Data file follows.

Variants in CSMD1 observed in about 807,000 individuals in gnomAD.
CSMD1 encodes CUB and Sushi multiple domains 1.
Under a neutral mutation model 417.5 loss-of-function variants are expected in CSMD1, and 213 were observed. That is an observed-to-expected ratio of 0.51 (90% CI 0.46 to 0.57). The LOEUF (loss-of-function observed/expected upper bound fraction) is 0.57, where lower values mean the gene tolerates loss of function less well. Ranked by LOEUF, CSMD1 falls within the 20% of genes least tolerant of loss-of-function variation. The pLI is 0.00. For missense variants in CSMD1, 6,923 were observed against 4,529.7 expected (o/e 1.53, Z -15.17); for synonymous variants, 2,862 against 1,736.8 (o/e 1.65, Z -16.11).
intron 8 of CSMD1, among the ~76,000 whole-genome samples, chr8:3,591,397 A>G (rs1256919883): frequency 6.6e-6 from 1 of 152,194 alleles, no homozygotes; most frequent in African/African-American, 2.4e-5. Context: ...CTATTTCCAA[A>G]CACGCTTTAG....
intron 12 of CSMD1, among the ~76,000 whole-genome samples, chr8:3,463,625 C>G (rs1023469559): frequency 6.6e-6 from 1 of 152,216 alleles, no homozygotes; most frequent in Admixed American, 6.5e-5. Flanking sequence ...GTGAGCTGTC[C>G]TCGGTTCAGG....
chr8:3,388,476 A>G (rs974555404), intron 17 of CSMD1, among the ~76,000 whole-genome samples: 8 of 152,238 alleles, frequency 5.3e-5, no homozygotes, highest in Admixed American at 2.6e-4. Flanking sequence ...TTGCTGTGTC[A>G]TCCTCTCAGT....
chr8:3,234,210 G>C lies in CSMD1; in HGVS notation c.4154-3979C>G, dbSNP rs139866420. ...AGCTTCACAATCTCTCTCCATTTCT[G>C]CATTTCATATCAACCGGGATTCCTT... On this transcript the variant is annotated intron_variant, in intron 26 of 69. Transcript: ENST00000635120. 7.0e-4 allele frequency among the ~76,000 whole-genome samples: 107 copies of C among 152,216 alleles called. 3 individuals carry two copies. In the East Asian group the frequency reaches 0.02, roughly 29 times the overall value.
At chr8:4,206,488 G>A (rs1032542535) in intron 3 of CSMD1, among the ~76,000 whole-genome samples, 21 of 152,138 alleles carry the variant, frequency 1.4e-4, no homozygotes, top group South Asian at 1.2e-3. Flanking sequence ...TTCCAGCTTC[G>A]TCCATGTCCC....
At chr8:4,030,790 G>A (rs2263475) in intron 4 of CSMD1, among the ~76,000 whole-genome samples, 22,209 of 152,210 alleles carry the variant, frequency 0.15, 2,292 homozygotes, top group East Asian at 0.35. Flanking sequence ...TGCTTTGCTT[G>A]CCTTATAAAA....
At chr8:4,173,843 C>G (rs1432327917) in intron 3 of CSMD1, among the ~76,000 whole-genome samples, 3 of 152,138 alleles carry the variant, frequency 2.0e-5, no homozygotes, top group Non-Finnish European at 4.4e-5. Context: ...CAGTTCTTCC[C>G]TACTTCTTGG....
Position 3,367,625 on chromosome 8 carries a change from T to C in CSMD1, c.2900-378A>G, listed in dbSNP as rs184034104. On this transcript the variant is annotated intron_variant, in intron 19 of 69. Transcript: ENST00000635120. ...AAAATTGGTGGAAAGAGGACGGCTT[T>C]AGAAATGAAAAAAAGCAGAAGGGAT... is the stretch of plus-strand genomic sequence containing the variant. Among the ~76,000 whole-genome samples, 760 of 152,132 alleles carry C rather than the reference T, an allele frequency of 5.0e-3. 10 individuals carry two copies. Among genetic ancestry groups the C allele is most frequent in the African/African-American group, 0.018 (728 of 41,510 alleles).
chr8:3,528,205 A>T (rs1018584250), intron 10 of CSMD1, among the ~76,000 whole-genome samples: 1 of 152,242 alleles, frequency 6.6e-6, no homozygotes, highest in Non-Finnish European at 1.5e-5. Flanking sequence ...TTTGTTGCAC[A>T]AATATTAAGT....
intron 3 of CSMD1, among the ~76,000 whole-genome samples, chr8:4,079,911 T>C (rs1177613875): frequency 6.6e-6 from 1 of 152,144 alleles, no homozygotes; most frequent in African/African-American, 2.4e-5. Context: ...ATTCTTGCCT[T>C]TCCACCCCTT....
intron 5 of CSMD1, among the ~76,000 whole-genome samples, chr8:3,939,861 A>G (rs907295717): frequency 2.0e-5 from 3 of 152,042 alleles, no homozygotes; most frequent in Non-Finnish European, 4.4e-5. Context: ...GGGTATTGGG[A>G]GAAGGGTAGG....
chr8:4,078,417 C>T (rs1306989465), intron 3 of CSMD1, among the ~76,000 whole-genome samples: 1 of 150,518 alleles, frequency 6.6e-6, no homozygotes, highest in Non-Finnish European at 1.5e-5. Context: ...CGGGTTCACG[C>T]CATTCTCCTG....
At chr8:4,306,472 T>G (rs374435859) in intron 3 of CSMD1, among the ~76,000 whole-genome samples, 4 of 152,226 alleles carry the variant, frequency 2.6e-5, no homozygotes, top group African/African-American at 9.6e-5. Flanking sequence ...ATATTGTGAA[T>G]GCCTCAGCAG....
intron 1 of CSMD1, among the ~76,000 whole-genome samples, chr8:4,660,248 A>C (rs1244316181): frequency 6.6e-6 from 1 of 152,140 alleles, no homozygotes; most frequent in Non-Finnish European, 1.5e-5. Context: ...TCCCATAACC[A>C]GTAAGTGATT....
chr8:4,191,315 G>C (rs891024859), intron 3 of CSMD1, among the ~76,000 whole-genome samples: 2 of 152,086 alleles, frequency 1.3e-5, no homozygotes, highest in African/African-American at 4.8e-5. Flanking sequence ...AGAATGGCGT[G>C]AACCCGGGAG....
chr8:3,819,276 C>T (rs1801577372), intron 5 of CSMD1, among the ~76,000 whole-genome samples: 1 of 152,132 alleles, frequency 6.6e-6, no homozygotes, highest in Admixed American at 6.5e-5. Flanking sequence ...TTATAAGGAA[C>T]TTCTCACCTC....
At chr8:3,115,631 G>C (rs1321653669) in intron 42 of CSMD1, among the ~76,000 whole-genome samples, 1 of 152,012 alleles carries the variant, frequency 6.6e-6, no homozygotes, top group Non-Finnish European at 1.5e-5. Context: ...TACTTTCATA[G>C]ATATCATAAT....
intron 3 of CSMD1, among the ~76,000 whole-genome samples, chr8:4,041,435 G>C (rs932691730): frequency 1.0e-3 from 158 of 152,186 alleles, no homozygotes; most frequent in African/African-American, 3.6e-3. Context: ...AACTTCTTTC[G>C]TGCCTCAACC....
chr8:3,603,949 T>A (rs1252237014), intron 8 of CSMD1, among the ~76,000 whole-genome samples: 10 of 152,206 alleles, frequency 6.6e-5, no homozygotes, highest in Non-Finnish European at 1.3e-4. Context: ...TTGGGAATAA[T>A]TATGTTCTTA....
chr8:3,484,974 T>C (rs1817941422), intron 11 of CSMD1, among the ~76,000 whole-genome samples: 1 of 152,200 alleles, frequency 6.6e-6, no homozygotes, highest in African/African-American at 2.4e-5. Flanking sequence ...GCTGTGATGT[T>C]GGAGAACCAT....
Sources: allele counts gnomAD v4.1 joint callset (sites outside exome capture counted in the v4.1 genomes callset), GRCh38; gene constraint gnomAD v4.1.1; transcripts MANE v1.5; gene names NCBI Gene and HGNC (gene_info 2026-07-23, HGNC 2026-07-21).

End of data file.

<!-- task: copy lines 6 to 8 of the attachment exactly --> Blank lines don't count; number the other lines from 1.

chr8:3,388,476 A>G (rs974555404), intron 17 of CSMD1, among the ~76,000 whole-genome samples: 8 of 152,238 alleles, frequency 5.3e-5, no homozygotes, highest in Admixed American at 2.6e-4. Flanking sequence ...TTGCTGTGTC[A>G]TCCTCTCAGT....
chr8:3,234,210 G>C lies in CSMD1; in HGVS notation c.4154-3979C>G, dbSNP rs139866420. ...AGCTTCACAATCTCTCTCCATTTCT[G>C]CATTTCATATCAACCGGGATTCCTT... On this transcript the variant is annotated intron_variant, in intron 26 of 69. Transcript: ENST00000635120. 7.0e-4 allele frequency among the ~76,000 whole-genome samples: 107 copies of C among 152,216 alleles called. 3 individuals carry two copies. In the East Asian group the frequency reaches 0.02, roughly 29 times the overall value.
At chr8:4,206,488 G>A (rs1032542535) in intron 3 of CSMD1, among the ~76,000 whole-genome samples, 21 of 152,138 alleles carry the variant, frequency 1.4e-4, no homozygotes, top group South Asian at 1.2e-3. Flanking sequence ...TTCCAGCTTC[G>A]TCCATGTCCC....